Crossing the Borders of Time: A True Story of War, Exile, and Love Reclaimed

Crossing the Borders of Time: A True Story of War, Exile, and Love Reclaimed

4.4 31
by Leslie Maitland
     
 

View All Available Formats & Editions

Leslie Maitland is an award-winning former New York Times investigative reporter whose mother and grandparents fled Germany in 1938 for France, where, as Jews, they spent four years as refugees, the last two under risk of Nazi deportation. In 1942 they made it onto the last boat to escape France before the Germans sealed its harbors. Then, barred from

See more details below

Overview

Leslie Maitland is an award-winning former New York Times investigative reporter whose mother and grandparents fled Germany in 1938 for France, where, as Jews, they spent four years as refugees, the last two under risk of Nazi deportation. In 1942 they made it onto the last boat to escape France before the Germans sealed its harbors. Then, barred from entering the United States, they lived in Cuba for almost two years before emigrating to New York. This sweeping account of one family’s escape from the turmoil of war-torn Europe hangs upon the intimate and deeply personal story of Maitland’s mother’s passionate romance with a Catholic Frenchman.
Separated by war and her family’s disapproval, the young lovers—Janine and Roland—lose each other for fifty years. It is a testimony to both Maitland’s investigative skills and her devotion to her mother that she successfully traced the lost Roland and was able to reunite him with Janine. Unlike so many stories of love during wartime, theirs has a happy ending.

Read More

Editorial Reviews

Publishers Weekly
In 1990, Maitland, a former New York Times reporter, went to Europe searching for her mother Janine’s long-lost love. Janine was born to a prosperous German-Jewish family, and she enjoyed a sense of belonging in Freiburg, her hometown until age 15 when the family fled the Nazis to Mulhouse, France, in 1938. There her parents granted her greater freedom, and she began a romance with a 19-year-old Catholic, Roland, only to flee the advancing Germans to Gray, France, and then to Lyon, where Janine bumped into Roland in 1941 and was again entranced. But forced to flee once more, the family finally arrived in America, where Janine embarked on a difficult marriage to a philanderer and rabid Ayn Rand acolyte. But Janine always pined for Roland, whose letters her father had intercepted and hid. While this book is overlong and Maitland fails to make Janine’s love affair and dysfunctional marriage compelling, Janine’s prewar life and wartime travails and Maitland’s descriptions of prewar European Jewish communities and their suffering under the Nazis are far more engrossing, This is a worthy testament to how war and displacement conspire against personal happiness. Photos. Agent: Rob Goldfarb, Ron Goldfarb & Associates. (Apr.)
Kirkus Reviews
Love lost in Alsace during World War II, rediscovered 50 years later in New Jersey. A former New York Times journalist, Maitland has seized on her family's far-flung tale of fleeing the Nazis in Europe and energetically made it her own. Having grown up under her mother's heavy emotional baggage, the author came to share the sense of shame and sadness that her mother carried with her as an immigrant to the United States in 1943, a refugee of Nazi Germany. Maitland's mother Janine, along with her German-speaking parents, sister and brother, originally fled in 1938 from Freiburg, having lost everything they owned. From Mulhouse, France, where the teenagers hastily learned French, they moved to Gray, where the family eventually got transit papers to pass through to the Free Zone. The family then landed in Lyon, where Janine, now a young woman, reignited a friendship with a dashing Catholic law student, Roland Arcieri. After falling in love during their brief time together, Janine was yanked away again with her family—to Cuba and then America. Soon married to a successful salesman, Janine did not stop grieving for her first love, and Arcieri apparently tried to find her. However, Janine's father, who wanted her to have a fresh start in America, intercepted his letters. In 1989, Maitland organized a trip back to Freiberg and to Mulhouse with her family. Once her father died, she tracked down Arcieri, who was then living in Montreal. Though the details of the courtship are a little bizarre, especially since the author re-creates her mother's bold seduction of Arcieri, who was married, this is a touching story about the odd collision of fate and will. A poignantly rendered, impeccably researched tale of a rupture healed by time.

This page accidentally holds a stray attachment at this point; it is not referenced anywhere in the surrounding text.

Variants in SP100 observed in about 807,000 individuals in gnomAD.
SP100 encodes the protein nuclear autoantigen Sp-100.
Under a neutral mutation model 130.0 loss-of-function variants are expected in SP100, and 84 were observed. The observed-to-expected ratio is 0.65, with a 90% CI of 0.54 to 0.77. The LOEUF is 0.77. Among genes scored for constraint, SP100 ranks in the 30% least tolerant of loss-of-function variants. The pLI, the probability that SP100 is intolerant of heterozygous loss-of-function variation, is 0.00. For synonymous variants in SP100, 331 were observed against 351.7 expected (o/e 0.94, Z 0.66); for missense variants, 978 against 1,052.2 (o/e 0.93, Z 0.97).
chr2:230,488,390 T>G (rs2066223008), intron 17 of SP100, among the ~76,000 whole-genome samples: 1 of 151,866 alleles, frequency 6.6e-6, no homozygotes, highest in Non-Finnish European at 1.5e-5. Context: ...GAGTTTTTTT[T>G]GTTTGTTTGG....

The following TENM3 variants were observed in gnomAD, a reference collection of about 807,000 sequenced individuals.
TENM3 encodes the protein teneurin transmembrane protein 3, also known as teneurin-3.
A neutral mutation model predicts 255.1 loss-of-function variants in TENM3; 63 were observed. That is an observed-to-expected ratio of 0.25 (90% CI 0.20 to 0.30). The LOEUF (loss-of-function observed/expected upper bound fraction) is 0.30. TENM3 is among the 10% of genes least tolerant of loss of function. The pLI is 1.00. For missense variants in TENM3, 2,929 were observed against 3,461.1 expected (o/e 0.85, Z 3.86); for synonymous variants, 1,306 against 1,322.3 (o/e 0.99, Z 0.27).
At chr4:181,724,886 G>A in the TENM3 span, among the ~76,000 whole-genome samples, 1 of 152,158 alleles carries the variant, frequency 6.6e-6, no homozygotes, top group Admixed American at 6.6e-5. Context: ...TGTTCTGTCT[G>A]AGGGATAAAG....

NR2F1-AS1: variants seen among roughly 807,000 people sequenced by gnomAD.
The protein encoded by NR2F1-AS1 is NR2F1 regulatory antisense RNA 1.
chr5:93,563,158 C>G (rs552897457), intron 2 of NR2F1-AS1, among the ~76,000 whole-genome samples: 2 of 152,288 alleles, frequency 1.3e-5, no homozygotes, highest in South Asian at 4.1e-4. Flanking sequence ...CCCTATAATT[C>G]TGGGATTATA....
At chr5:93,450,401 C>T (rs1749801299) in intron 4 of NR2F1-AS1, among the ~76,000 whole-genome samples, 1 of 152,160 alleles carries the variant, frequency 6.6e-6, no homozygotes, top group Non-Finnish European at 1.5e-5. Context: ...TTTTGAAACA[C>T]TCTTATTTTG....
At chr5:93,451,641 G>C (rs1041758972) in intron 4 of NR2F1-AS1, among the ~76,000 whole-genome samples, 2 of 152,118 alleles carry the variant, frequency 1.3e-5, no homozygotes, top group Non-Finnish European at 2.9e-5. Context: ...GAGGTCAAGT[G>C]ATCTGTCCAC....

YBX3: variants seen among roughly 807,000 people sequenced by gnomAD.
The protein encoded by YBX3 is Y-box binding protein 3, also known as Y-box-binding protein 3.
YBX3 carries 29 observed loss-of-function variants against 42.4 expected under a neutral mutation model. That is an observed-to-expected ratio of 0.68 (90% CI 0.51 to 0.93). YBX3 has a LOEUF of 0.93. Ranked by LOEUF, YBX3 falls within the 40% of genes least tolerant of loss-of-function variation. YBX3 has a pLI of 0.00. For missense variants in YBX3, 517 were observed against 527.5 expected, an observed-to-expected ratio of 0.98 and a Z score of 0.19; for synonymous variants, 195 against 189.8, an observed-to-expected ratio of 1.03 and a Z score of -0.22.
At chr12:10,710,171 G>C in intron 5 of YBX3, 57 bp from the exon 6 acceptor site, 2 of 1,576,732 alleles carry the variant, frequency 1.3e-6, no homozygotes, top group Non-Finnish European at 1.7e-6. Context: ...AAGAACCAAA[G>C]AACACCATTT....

From the Publisher
“One of those sweeping, epic, romantic novels that seems tailor-made for the Oscars and a long summer afternoon. Except it’s real! Leslie Maitland has the rare ability to bring history, adventure, and love alive.” —Bruce Feiler, New York Times best-selling author of Walking the Bible and Abraham

“How the small flame of an undying love can illuminate the darkness of a tragic era. This elegantly told story is for everyone." —James Carroll, New York Times best-selling author of Jerusalem, Jerusalem and Constantine’s Sword

“A mesmerizing memoir of one family's shattering experience during World War II. It's a tale at once heartbreaking and uplifting.” —Linda Fairstein, New York Times best-selling author of Silent Mercy

“Not only original social history of a high order, but one of the most poignant love-lost, love-found stories I have ever read, with an ending that Hollywood wouldn't dare.” —Robert MacNeil, Journalist-author